The 415 firms were selected following 16,000 survey questionnaires sent to consumers nationwide by the Business Association of High-Quality Vietnamese Goods.

The winning firms were makers of sauces, spices, non-alcoholic beverages, drugs, dry foods, instant foods, frozen foods, plastic products and others.

The association co-operated with localities and relevant agencies to check the firms’ compliance with product quality management, their discharge of social responsibilities and other factors.

Yesterday’s ceremony was orgainsed by the association in collaboration with the Business Studies and Assistance Centre in HCM City and the Sai Gon Tiep Thi newspaper.

In a related development, a forum last week heard that increasing numbers of consumers were aware of the need to buy more locally made goods, three years after the Government launched its “Vietnamese use Vietnamese goods” campaign.

The forum focused on ways to raise consumers’ trust in Vietnamese goods and services.

A report tabled at the forum said cited survey results as showing around 59 per cent of consumers are satisfied with the Vietnamese products purchased while 38 per cent of respondents said they would advise their relatives to use Vietnamese goods.

The campaign has had a positive impact in increasing awareness and changing perceptions on using Vietnamese goods, the report said.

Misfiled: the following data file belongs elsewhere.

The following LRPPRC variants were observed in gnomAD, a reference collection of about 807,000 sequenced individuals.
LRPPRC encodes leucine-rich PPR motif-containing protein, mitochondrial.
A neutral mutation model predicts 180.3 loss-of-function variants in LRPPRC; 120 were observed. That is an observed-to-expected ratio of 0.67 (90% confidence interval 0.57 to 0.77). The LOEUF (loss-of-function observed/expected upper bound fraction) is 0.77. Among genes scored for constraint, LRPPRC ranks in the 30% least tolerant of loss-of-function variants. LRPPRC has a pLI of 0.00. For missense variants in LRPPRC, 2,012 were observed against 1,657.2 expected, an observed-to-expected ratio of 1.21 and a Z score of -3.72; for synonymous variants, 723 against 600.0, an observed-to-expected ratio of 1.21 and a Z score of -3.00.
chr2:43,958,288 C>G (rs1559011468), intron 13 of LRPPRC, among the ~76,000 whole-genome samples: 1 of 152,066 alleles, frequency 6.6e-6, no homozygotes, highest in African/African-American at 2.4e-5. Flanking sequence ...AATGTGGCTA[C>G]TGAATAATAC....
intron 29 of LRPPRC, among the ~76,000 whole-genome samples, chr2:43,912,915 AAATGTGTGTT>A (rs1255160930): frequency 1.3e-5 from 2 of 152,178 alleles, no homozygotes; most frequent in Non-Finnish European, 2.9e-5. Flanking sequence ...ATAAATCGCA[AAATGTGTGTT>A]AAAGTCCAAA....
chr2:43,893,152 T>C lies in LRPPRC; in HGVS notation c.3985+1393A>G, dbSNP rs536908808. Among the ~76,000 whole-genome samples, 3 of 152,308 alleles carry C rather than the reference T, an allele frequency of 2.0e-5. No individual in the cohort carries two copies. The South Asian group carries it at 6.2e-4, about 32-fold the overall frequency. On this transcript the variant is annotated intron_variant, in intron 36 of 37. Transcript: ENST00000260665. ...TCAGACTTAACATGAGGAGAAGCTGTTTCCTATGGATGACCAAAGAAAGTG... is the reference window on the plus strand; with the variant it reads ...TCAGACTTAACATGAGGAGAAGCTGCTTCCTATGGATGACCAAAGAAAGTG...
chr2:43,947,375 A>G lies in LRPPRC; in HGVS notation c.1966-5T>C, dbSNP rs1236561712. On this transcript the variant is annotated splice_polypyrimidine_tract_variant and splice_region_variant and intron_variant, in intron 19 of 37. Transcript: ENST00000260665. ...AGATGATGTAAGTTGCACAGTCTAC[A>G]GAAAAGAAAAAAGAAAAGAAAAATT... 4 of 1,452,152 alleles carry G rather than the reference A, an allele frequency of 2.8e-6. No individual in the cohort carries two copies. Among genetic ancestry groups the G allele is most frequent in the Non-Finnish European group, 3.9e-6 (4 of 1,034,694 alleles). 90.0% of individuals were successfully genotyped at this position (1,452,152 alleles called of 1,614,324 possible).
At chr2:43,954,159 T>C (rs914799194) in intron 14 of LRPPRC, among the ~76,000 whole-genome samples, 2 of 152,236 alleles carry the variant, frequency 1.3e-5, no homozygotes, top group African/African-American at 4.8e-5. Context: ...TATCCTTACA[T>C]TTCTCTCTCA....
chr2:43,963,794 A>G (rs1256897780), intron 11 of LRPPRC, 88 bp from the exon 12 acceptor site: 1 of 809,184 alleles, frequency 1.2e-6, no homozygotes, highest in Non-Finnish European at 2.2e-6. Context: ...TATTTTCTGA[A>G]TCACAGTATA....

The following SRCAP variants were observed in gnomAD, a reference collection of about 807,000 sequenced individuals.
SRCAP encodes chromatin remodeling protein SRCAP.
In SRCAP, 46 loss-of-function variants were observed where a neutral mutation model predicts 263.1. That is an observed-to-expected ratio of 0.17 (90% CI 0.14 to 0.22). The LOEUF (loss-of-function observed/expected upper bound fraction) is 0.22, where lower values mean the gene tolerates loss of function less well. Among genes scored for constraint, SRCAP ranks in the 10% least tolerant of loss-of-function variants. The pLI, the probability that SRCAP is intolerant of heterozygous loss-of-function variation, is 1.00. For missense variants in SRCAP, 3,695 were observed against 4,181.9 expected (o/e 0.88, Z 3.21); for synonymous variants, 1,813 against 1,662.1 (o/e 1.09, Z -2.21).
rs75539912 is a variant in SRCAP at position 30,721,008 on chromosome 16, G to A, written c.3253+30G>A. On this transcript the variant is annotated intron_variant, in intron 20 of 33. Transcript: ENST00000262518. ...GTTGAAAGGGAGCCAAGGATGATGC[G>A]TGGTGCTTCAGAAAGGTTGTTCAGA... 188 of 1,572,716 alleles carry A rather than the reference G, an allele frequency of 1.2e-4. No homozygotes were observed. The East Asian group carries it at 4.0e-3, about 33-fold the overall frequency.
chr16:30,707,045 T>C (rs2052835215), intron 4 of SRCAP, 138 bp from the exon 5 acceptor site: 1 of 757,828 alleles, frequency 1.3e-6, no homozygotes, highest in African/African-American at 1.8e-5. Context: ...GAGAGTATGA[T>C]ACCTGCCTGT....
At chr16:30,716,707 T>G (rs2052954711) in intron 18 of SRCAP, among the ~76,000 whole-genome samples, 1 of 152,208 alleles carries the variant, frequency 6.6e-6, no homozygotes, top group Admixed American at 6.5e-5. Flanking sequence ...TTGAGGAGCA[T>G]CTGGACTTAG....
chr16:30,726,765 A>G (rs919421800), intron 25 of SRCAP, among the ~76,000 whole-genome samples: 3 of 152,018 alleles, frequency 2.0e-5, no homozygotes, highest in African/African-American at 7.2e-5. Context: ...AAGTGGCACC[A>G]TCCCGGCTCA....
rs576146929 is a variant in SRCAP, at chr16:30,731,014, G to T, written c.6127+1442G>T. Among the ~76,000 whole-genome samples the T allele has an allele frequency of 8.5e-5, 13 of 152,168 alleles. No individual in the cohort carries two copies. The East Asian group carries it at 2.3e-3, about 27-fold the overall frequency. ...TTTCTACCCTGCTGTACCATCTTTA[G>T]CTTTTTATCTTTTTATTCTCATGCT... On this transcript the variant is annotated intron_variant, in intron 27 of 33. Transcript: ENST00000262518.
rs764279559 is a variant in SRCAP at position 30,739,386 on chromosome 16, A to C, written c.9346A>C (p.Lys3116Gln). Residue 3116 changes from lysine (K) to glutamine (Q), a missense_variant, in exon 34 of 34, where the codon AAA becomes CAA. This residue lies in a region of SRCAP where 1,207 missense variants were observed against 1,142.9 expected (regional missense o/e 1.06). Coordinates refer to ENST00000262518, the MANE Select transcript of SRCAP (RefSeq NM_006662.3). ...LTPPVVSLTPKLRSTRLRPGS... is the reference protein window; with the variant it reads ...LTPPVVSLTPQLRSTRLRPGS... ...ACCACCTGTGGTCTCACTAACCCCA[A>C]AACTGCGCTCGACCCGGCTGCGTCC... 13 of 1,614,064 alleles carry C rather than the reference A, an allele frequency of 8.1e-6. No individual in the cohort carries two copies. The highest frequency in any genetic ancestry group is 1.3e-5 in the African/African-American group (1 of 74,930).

However, consumers’ preference for imported goods is based on verifiable origins and accurate information, high quality, effective marketing, and good customer care, said Dinh Thi My Loan, chairwoman of the Viet Nam Retailers Association.

She said a national strategy that effectively uses the resources and skills of management agencies, business communities and mass media is needed to raise consumers’ trust in Vietnamese goods and services.

As a bridge between producers and consumers, domestic retailers should be more active in implementing the “Vietnamese use Vietnamese goods” campaign, she added.

She said retailers should understand trends and shopping habits of consumers to introduce and promote Vietnamese goods in a proper way.

They must attach special importance to ensure reasonable prices, friendly service, and send consumer feedback to producers and distributors, she said.

Other forum participants said producers should be socially responsible and also transparent in providing information about their products and prices.

Business representatives attending the forum wanted the Government to strictly punish production and trading in fake goods to protect the legal interests of enterprises and consumers.

The Government can also do more to promote consumption of Vietnamese products, they said.

VASEP: anti-subsidy lawsuit is unreasonable

The Vietnam Association of Seafood Exporters and Producers (VASEP) has protested the US Department of Commerce (DOC)’s acceptance of the petition against Vietnamese frozen fresh-water shrimp which contain unreasonable allegations.

According to VASEP, the lawsuit, initiated by the Coalition of Gulf Shrimp Industries (COGSI), is groundless and will negative impact on Vietnamese shrimp exporters and producers, as well as US exporters and consumers and affect bilateral trade relations between Vietnam and the US.